Screen Shot 2016-03-22 at 15.51.53By SHIRLEY FOO  It’s 9 on a Wednesday night and you’ve just returned to your dorm room after a full day of interning, followed by a two-hour lecture. You open your refrigerator but it’s empty! You ate those leftovers yesterday. You contemplate going on Seamless again, but do you really want to spend those precious few extra dollars on delivery and tips? You think about going to the nearest restaurant to buy takeout, but the thought of walking anywhere in the cold after the long day makes you want to collapse on your bed and never get up.

College life is hard. On top of balancing coursework, part-time jobs, professional internships, and a social life, you also need to find time to fulfill basic human needs, such as feeding yourself. What happens when you’ve run out of leftovers, had no time for grocery shopping, are too broke to get food delivered, and too tired to eat out? Is there such a things as a cheap nutritious meal ready to eat in five minutes or less?

Millennials want it all: low cost, convenience, and healthy eating all rolled into one meal. Peanut butter and jelly? No thanks, millennials want kale and avocado. “I don’t compromise my health just because I’m hungry,” said Julia Shore, a New York University junior who would rather spend five minutes baking kale chips than snacking on regular potato chips––that is, if she had kale in her fridge.

In general, healthy diets are rising in prominence, with the United States Department of Agriculture reporting that 42% of working age adults use the nutrition facts panel when making food choices, placing increased importance on nutrition when choosing items to purchase. The Hartman Group’s report on “The Culture of Millennials” demonstrates that 39% of millennials believe they tend to be healthier than previous generations. But 22% of millennials report that they rarely have the time or energy to cook. Instead of sacrificing health for convenience, many millennials have turned to alternative, “radical” diets.

The ready-to-drink Soylent is a newfangled approach to sustenance. Advertising itself as a meal replacement, Soylent was developed from “a need for a simpler food source.” Creator Robert Rhinehart and his team formulated this food product after recognizing the “disproportionate amount of time and money they spent creating nutritionally complete meals.” Five bottles of Soylent, made using soy protein, algal oil, isomaltulose, and one-fifth of all essential micronutrients, are enough to cover breakfast, lunch, and dinner. With 30,000 units of Soylent sold per month in 2014 and a 300% increase in business this year, Soylent is giving new meaning to dieting, and millennials are catching on fast.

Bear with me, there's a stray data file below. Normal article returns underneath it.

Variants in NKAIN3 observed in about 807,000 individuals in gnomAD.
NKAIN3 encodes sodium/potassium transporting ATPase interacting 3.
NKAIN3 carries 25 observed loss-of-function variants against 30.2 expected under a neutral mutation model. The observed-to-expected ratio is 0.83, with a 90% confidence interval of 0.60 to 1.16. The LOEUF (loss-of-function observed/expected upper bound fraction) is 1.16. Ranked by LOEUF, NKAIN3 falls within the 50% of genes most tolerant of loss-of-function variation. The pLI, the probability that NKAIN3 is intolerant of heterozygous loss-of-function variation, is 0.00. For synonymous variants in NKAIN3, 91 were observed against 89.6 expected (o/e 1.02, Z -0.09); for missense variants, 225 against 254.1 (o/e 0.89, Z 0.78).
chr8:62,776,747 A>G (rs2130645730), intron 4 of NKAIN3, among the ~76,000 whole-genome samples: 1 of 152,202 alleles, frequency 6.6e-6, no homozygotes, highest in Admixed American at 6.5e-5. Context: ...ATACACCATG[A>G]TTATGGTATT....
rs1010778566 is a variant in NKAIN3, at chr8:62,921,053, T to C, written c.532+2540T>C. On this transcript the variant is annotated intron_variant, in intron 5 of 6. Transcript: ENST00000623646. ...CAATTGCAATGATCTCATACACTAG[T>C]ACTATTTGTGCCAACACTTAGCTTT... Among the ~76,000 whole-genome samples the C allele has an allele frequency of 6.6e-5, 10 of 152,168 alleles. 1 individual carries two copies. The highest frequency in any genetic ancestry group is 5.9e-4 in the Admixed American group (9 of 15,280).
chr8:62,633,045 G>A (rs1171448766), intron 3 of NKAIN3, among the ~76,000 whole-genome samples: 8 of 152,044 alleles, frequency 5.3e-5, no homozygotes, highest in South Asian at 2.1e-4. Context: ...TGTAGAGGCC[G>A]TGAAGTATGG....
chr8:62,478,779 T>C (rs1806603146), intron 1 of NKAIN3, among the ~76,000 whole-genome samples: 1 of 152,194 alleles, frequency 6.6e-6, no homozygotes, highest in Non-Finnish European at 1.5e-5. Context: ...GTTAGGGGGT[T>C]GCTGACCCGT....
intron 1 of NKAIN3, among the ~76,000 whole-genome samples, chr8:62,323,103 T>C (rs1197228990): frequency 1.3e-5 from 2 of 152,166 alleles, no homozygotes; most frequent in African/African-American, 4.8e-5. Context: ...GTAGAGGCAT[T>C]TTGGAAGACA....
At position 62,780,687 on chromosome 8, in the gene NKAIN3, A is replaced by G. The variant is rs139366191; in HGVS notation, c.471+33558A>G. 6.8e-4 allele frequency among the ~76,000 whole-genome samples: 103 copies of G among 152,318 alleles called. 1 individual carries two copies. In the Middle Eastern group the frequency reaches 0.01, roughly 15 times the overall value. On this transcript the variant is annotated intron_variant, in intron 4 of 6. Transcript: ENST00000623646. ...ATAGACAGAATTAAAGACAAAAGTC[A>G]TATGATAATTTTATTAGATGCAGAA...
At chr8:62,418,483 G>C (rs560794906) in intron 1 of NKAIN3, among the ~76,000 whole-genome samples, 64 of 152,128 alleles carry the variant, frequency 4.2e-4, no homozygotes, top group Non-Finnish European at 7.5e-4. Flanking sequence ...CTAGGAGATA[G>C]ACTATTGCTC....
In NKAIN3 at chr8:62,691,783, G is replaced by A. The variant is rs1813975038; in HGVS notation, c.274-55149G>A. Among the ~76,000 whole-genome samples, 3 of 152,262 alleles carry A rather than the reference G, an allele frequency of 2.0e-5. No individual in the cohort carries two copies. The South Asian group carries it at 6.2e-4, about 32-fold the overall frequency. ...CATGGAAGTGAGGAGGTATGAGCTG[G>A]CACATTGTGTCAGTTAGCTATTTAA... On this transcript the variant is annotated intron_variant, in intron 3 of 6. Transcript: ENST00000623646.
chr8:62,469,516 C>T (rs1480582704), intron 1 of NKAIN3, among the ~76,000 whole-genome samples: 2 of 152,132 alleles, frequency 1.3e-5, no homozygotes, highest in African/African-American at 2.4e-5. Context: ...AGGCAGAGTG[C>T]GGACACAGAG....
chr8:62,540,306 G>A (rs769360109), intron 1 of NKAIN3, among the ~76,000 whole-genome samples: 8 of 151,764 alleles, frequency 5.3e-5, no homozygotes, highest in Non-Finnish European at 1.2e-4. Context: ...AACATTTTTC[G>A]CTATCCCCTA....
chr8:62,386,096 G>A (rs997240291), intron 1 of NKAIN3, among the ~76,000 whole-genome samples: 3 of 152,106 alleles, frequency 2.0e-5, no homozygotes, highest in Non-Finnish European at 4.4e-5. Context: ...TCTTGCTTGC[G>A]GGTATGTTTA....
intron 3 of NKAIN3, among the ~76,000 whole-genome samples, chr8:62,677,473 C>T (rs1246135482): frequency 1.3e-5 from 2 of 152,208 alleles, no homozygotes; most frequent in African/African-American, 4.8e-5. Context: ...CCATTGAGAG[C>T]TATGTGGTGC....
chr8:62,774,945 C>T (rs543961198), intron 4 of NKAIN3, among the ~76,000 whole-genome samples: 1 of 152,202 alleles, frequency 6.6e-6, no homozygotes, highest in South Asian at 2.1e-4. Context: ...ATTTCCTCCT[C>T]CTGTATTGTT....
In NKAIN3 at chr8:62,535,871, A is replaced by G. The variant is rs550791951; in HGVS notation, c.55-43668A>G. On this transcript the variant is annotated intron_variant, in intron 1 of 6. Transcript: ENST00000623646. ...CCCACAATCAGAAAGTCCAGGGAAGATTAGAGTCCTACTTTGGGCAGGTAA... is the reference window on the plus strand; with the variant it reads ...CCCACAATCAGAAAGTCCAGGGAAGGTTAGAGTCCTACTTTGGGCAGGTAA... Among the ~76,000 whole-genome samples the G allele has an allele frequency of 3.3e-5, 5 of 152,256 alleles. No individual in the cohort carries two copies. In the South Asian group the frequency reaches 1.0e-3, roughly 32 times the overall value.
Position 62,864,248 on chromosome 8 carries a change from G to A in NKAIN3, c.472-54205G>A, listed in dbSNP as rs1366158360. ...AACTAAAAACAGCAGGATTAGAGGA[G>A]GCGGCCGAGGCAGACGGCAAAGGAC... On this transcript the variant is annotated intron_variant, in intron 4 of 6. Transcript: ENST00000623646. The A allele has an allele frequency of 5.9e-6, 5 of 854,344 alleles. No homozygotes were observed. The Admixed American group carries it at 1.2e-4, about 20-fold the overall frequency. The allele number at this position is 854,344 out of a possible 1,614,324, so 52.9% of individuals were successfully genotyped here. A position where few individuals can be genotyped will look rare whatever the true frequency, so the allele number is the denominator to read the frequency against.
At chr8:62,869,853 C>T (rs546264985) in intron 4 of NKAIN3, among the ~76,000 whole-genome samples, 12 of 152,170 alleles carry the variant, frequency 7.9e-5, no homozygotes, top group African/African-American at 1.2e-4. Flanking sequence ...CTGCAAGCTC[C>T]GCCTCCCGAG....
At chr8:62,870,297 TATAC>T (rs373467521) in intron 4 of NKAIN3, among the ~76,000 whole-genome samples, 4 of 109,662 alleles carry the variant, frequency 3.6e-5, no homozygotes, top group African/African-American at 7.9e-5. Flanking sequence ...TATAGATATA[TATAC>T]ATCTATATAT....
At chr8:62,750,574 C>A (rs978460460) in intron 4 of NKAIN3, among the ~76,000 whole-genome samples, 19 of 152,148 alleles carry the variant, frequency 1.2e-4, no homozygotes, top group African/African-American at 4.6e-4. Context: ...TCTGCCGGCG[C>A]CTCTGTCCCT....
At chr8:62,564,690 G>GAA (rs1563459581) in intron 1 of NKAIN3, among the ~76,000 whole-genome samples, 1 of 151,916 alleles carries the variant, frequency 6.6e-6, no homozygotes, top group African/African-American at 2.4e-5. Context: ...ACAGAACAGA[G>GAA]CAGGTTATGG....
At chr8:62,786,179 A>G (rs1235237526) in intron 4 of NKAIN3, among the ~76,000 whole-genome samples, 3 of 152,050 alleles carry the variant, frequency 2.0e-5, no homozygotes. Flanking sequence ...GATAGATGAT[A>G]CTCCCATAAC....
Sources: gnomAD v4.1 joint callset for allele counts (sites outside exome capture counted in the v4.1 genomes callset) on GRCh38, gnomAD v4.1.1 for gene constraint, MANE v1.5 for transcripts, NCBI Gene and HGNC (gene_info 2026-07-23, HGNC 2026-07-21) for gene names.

“I was skeptical about it at first because it tastes really weird,” said freshman Andrew Chow. “But it’s extremely cheap at twelve bottles for $29 and you don’t need to spend time cooking, so it’s perfect for college students.” While Chow admits that a bottle of Soylent isn’t the tastiest meal, he recommends it because it packs a lot of nutrients, and five bottles fill him up for an entire day.

Juicing is another quick and inexpensive diet trend that millennials enjoy. “These days, you throw a rock, you hit a juice bar,” said Melvin Major, Jr., operator of New York’s popular Melvin’s Juice Box. With the at-home juicing business estimated at nearly $300 million in U.S. sales annually, juicing has made its way from juiceries into the homes of millennials.

“I love juicing because all you need to do is throw some ingredients into a blender and two minutes later, you have yourself a meal,” said sophomore Lisa Dawn. While a drink made out of blended fruits and vegetables may not seem like a lot of food for one meal, Dawn adds protein to her diet by using almond milk as the base of her juices. She also alternates between using beetroot and kale to increase her fiber intake.

But there is a science to juicing. “You can’t make a meal by blending strawberries and bananas––that’s just a fruit smoothie,” said Dawn. To transform a fruit smoothie into an actual meal, Dawn adds “less appealing ingredients,” like spinach, hemp protein, flaxseed, and chia seeds. “These aren’t the cheapest ingredients on the market, but I think of it as an investment for my health,” she said. Compared to having a meat dish for dinner, juicing with bonus ingredients still comes in at around $5 per meal, especially when buying fruits and vegetables in bulk.

But not all millennials buy into these “radical” meal plans. Sophomore Rhea Patel has been “yo-yo dieting” since the start of high school––losing weight from a diet and then gaining it back after the effects of dieting wear off. Having tried no-carb, no-sugar, and juicing diets, Patel reports that none of them are permanent solutions. Like 2.5% of the U.S. population, she has now transitioned to veganism, which she believes is more sustainable than extreme dieting. “Diets like juicing are so limiting that I found it impossible to stick with it after several days, and I missed eating regular solid food,” she said. “On the other hand, veganism offers more flexibility, so it’s more feasible as a lifestyle change.”

Jessica Kosciewicz, a registered dietitian at the New York University student health center, believes that any food can be eaten, in moderation. “If you are on an extreme diet where you have cut out major food groups or drastically changed how you eat, the results are not sustainable,” she said. “You are better off making lifestyle changes and learning to listen to your body’s cues.”